I'll finish this post with my painting of Ash. He's pretty much a superhero in his own right. I wanted to convey a sense of urgency in the action, to get that feeling one gets while looking at a Kirby action piece, with the hero in the foreground and chaos exploding around him.

Lastly, I may or may not have mentioned that I've been working on a comic book this summer! Things still haven't been finalized, so I'm not at legal liberty to make any official announcements, but fans of the macabre will enjoy it if everything pans out as planned. I am extremely excited to be working with the people behind this project. Can't wait to tell you guys about it!

Also I would like to go on record to say that my favorite Kirby comics are as follows: The Demon, Kamandi , New Gods, and Captain America!

Evil Dead 2 by Chris Kuchta

HEY! This weekend, I will be in Pittsburgh at HORROR REALM! Hope to meet more fans there!



Artist Influences: Rembrandt

The Artist Influences series is going to be about the top artists who left a great impression on me over the years. I can think of a top ten list right off the top of my head. Let's start with a classic painter.

One of the many artists I took a great deal of inspiration from is Rembrandt. Let me just say that if I had a name like Rembrandt Harmenszoon van Rijn, I'd just go by my first name, too! Easier, right? Funny, I have the opposite problem where people have a hard time pronouncing my last name!

Despite being a tortured artist from life dumping endless misfortunes on he and his family, he continually whipped out brilliant stuff. Light, texture, sense of space, and atmosphere are elements he excelled in.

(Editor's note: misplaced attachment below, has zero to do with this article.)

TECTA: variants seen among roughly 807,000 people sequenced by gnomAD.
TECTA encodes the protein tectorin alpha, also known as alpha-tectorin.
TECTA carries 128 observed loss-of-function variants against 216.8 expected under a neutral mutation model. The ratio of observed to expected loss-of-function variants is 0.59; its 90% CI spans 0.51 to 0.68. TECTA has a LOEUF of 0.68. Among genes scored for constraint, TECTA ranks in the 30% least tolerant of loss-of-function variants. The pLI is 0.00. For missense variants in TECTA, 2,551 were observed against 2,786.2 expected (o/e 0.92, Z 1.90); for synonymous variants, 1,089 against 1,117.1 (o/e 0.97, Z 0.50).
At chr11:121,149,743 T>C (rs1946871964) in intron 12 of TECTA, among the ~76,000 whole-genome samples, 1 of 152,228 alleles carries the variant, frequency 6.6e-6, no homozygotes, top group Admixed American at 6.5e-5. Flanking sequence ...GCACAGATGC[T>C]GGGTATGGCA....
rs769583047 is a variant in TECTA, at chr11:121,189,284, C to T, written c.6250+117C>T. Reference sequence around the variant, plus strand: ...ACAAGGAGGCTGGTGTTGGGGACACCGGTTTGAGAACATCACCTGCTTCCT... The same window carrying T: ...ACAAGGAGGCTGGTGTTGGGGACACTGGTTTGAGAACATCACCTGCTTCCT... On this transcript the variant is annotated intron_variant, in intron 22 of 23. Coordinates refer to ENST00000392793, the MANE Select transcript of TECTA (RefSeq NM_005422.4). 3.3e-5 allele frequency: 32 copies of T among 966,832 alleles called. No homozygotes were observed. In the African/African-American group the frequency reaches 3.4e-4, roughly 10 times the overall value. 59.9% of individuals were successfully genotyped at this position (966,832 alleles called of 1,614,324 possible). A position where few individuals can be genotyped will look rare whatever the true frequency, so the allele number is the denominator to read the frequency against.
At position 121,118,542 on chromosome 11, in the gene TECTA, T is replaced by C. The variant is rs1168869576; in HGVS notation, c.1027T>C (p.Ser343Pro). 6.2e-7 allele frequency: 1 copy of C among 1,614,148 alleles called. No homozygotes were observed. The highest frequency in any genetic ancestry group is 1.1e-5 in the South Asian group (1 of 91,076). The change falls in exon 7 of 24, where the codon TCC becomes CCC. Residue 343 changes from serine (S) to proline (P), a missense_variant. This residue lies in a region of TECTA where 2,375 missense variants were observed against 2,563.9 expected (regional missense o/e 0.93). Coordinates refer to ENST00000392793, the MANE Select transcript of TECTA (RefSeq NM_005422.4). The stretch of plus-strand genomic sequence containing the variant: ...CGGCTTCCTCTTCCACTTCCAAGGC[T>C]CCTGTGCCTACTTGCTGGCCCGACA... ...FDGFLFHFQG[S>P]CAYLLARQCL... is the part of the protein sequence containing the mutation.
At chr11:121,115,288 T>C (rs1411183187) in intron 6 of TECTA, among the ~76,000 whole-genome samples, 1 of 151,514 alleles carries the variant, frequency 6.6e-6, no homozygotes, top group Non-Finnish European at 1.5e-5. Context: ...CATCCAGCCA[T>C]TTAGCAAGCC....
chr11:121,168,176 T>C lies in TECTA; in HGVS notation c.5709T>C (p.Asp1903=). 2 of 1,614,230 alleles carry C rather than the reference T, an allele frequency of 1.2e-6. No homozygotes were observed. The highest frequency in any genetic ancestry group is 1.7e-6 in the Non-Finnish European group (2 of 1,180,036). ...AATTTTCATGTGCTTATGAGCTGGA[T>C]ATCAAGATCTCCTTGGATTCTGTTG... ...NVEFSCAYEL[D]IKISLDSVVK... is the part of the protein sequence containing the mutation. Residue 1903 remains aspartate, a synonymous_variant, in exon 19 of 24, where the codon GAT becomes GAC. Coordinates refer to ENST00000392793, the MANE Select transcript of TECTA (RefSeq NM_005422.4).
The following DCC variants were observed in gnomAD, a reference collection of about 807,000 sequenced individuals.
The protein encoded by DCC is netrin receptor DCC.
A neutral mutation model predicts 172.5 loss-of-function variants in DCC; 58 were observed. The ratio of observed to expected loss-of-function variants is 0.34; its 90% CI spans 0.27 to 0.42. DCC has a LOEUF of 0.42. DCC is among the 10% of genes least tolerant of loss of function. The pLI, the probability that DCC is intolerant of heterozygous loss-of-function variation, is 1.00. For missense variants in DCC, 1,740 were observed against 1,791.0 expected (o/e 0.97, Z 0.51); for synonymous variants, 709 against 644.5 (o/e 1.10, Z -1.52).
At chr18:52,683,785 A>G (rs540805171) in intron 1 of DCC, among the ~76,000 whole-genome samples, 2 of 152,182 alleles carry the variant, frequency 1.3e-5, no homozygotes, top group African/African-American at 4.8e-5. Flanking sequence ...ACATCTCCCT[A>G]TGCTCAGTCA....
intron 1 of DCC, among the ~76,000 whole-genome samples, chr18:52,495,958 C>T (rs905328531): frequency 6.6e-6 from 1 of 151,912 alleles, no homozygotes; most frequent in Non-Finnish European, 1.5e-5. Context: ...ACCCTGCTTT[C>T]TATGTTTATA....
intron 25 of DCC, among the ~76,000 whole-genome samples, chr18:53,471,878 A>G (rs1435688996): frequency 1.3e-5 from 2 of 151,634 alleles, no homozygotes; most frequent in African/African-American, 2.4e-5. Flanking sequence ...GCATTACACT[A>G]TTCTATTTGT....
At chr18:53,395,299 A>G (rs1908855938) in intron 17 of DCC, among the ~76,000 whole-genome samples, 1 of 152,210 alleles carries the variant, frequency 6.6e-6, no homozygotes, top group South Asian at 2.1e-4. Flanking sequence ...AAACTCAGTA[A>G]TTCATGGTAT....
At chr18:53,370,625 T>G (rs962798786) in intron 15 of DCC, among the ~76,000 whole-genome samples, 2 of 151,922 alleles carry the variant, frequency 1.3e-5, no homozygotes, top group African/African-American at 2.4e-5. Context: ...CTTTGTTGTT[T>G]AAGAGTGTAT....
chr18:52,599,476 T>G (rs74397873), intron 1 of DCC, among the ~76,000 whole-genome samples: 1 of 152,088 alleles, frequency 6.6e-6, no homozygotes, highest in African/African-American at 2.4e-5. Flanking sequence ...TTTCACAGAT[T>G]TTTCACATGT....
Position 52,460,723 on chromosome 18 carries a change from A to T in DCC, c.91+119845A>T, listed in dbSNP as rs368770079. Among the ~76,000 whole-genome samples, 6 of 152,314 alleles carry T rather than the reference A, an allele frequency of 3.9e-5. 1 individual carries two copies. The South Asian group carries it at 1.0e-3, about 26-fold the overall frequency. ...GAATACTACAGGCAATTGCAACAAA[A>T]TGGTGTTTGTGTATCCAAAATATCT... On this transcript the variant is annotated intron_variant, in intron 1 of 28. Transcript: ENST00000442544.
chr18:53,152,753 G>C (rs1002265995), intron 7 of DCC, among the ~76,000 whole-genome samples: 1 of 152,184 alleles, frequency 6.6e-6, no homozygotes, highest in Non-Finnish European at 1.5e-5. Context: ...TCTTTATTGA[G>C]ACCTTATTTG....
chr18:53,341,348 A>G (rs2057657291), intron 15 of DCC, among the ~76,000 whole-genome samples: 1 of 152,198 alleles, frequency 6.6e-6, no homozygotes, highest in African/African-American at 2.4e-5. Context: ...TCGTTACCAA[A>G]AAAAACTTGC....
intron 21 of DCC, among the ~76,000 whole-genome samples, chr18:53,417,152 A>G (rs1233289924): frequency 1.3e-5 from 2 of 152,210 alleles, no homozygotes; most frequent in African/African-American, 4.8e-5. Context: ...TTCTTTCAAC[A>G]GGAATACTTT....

Also it bears mentioning that his process of painting, the dutch -Flemish style, is the one that I have largely adopted to create all of my personal paintings.


The Night Watch

The Night Watch by Rembrandt

With Rembrandt, it's all about the lighting. See how well it works in the Night Watch painting above. Studying his work immediately impressed the notion of how very important it is to capture lighting within a painting. It makes the subjects feel more 3-dimensional and less flat. It's also a great way to highlight your key players in a piece with a lot of characters in it. Shine ’em up to make sure they become the stars of the piece.

Carcass of Beef (Pictured below) is a painting that most closely resembles my style, especially in relation to my sepia paintings.  Mmm...  Dead ox for dinner!

Carcass of Beef by Rembrandt

I haven't really gotten the bug to do a ton of self-portraits like Rembrandt did. I've sketched a few, but for now, I'm more obsessed with painting as many of my favorite monsters as possible. Guess I'm not a monster... Yet!

I'll leave you with a painting I feel expresses my interest in examining light rather well. It's definitely much more colorful, but I'm proud of all the little lighting nuances in my Candyman piece.

Candyman by Chris Kuchta